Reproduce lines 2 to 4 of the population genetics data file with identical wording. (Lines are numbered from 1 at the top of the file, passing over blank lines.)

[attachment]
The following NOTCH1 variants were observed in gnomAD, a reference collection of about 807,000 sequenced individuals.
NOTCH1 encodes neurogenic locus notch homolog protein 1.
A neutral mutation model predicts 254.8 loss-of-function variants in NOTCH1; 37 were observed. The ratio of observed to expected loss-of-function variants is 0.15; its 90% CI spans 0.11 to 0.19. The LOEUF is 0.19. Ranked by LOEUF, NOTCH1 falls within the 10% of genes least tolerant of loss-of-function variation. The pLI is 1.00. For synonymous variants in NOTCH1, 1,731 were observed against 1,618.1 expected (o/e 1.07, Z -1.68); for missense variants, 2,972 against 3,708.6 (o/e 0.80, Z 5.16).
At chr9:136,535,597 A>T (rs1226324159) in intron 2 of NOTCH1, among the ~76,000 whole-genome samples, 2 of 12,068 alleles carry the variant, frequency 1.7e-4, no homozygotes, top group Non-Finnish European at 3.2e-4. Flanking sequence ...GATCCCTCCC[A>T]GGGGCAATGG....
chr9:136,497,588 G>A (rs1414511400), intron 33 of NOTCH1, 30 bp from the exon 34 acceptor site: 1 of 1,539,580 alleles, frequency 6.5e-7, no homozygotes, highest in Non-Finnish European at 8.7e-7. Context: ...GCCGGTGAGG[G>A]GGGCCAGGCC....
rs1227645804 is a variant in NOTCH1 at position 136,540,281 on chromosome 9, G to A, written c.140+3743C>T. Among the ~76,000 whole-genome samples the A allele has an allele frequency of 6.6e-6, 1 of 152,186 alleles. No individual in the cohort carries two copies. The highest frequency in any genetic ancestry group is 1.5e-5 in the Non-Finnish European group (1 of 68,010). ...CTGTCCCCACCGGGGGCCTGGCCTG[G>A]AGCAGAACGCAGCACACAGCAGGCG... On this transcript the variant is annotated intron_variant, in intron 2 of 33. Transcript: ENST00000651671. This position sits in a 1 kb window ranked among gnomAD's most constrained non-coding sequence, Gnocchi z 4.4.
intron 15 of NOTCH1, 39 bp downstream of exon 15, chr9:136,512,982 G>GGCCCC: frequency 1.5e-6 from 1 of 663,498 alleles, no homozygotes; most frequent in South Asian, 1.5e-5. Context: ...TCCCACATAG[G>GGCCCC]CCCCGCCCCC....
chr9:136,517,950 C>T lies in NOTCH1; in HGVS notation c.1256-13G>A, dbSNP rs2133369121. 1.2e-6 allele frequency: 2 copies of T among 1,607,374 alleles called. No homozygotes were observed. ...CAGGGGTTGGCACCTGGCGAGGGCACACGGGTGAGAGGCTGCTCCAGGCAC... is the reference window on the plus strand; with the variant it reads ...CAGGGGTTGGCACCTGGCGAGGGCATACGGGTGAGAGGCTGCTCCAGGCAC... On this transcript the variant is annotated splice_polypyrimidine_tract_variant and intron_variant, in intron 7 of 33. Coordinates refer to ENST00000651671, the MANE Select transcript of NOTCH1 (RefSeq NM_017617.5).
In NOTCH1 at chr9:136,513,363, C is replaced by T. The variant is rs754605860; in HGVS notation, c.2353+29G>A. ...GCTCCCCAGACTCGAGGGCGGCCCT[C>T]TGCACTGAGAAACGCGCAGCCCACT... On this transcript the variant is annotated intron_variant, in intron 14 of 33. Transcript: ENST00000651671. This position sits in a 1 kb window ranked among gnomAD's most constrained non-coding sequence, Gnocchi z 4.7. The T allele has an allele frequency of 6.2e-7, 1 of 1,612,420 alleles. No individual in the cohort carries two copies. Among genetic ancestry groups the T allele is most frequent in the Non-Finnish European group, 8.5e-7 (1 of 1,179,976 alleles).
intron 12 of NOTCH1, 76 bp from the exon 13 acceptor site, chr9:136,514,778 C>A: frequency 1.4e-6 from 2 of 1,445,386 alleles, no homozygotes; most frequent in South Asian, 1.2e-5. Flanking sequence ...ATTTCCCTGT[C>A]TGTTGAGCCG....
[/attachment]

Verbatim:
NOTCH1 encodes neurogenic locus notch homolog protein 1.
A neutral mutation model predicts 254.8 loss-of-function variants in NOTCH1; 37 were observed. The ratio of observed to expected loss-of-function variants is 0.15; its 90% CI spans 0.11 to 0.19. The LOEUF is 0.19. Ranked by LOEUF, NOTCH1 falls within the 10% of genes least tolerant of loss-of-function variation. The pLI is 1.00. For synonymous variants in NOTCH1, 1,731 were observed against 1,618.1 expected (o/e 1.07, Z -1.68); for missense variants, 2,972 against 3,708.6 (o/e 0.80, Z 5.16).
At chr9:136,535,597 A>T (rs1226324159) in intron 2 of NOTCH1, among the ~76,000 whole-genome samples, 2 of 12,068 alleles carry the variant, frequency 1.7e-4, no homozygotes, top group Non-Finnish European at 3.2e-4. Flanking sequence ...GATCCCTCCC[A>T]GGGGCAATGG....